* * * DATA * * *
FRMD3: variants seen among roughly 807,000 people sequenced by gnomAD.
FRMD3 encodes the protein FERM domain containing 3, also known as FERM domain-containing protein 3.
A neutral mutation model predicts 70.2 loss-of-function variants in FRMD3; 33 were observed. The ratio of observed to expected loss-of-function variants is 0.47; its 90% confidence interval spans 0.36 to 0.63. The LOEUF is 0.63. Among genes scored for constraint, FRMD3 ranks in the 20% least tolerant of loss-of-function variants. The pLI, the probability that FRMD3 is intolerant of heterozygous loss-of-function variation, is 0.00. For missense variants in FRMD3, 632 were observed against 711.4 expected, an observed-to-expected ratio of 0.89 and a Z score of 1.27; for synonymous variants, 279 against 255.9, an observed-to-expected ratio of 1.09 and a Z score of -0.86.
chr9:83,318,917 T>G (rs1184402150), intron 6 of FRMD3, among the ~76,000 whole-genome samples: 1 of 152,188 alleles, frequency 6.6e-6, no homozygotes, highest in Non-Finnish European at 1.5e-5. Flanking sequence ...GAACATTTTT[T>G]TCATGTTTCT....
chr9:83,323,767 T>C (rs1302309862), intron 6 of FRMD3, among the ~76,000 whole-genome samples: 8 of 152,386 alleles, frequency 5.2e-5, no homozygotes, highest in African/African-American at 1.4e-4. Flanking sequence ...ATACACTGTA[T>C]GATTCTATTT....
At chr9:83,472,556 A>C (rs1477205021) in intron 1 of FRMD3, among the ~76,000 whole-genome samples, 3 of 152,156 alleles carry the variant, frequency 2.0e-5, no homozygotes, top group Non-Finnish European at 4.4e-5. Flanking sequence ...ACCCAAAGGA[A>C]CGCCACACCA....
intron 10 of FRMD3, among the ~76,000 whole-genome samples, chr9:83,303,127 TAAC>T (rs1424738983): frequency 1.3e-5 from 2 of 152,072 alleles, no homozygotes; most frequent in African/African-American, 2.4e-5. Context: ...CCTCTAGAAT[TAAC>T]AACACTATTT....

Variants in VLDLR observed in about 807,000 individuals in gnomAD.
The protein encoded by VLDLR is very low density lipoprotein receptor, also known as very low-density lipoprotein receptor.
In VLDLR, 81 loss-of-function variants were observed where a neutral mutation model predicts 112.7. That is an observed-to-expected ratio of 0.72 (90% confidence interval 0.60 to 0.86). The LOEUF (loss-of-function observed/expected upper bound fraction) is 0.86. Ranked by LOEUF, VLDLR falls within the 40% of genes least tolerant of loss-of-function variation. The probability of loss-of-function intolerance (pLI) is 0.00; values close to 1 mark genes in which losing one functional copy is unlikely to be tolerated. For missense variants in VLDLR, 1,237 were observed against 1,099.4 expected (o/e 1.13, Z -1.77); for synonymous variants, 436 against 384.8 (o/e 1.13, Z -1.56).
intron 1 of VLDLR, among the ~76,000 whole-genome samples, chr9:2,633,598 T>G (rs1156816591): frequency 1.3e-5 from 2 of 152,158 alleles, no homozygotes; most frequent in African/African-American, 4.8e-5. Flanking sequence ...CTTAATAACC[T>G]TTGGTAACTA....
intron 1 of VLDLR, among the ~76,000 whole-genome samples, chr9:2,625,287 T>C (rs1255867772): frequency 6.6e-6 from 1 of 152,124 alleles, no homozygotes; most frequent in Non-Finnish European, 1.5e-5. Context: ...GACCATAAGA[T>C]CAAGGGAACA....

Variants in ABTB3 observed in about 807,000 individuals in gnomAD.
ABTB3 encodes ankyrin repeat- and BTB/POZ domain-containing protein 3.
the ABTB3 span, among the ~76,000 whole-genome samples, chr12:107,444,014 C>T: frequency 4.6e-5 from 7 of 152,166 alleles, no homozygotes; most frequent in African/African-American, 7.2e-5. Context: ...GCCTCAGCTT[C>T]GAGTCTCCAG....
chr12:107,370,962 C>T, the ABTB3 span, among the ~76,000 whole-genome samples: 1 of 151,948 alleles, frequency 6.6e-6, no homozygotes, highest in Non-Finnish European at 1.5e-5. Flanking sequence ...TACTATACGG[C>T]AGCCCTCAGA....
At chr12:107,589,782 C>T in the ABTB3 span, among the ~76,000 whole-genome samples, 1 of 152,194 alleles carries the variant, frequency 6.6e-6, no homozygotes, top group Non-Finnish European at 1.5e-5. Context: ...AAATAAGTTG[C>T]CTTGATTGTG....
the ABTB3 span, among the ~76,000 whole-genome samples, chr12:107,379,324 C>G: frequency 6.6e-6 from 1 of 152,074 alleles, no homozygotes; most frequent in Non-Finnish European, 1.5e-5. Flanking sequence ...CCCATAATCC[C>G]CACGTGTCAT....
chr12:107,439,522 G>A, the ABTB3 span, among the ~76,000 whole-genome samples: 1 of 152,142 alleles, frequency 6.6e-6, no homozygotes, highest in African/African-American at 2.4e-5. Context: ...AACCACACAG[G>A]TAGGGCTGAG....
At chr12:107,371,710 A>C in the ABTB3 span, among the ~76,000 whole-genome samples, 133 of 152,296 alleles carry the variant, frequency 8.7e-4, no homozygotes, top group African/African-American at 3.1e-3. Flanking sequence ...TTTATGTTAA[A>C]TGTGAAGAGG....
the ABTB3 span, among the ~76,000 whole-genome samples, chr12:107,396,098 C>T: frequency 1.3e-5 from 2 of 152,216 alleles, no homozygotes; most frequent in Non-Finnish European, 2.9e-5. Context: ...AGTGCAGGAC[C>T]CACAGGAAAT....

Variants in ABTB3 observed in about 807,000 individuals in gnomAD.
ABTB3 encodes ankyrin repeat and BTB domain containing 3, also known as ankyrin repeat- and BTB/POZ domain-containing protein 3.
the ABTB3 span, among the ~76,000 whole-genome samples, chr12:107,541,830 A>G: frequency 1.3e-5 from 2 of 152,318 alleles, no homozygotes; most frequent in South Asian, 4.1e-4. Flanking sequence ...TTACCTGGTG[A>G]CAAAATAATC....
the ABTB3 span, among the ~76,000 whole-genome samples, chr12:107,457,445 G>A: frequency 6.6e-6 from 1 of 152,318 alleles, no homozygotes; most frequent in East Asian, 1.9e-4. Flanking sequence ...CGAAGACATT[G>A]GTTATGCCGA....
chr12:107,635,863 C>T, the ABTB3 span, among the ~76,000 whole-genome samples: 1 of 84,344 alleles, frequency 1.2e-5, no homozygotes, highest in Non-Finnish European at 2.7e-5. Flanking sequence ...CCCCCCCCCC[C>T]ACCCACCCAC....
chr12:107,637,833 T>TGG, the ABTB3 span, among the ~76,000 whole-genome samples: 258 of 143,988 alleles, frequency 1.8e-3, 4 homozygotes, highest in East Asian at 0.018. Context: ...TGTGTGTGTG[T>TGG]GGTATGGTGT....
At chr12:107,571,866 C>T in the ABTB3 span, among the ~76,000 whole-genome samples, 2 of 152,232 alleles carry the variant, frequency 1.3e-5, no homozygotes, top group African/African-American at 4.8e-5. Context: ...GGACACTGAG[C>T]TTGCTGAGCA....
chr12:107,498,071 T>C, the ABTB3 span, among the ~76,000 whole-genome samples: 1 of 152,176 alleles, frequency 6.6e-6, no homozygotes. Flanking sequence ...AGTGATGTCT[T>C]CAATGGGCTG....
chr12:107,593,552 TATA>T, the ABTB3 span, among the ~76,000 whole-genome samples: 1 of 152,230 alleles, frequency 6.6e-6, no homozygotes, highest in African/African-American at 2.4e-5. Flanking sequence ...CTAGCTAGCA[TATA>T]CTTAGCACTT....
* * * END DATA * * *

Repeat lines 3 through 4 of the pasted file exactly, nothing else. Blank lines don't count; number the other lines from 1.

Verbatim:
A neutral mutation model predicts 70.2 loss-of-function variants in FRMD3; 33 were observed. The ratio of observed to expected loss-of-function variants is 0.47; its 90% confidence interval spans 0.36 to 0.63. The LOEUF is 0.63. Among genes scored for constraint, FRMD3 ranks in the 20% least tolerant of loss-of-function variants. The pLI, the probability that FRMD3 is intolerant of heterozygous loss-of-function variation, is 0.00. For missense variants in FRMD3, 632 were observed against 711.4 expected, an observed-to-expected ratio of 0.89 and a Z score of 1.27; for synonymous variants, 279 against 255.9, an observed-to-expected ratio of 1.09 and a Z score of -0.86.
chr9:83,318,917 T>G (rs1184402150), intron 6 of FRMD3, among the ~76,000 whole-genome samples: 1 of 152,188 alleles, frequency 6.6e-6, no homozygotes, highest in Non-Finnish European at 1.5e-5. Flanking sequence ...GAACATTTTT[T>G]TCATGTTTCT....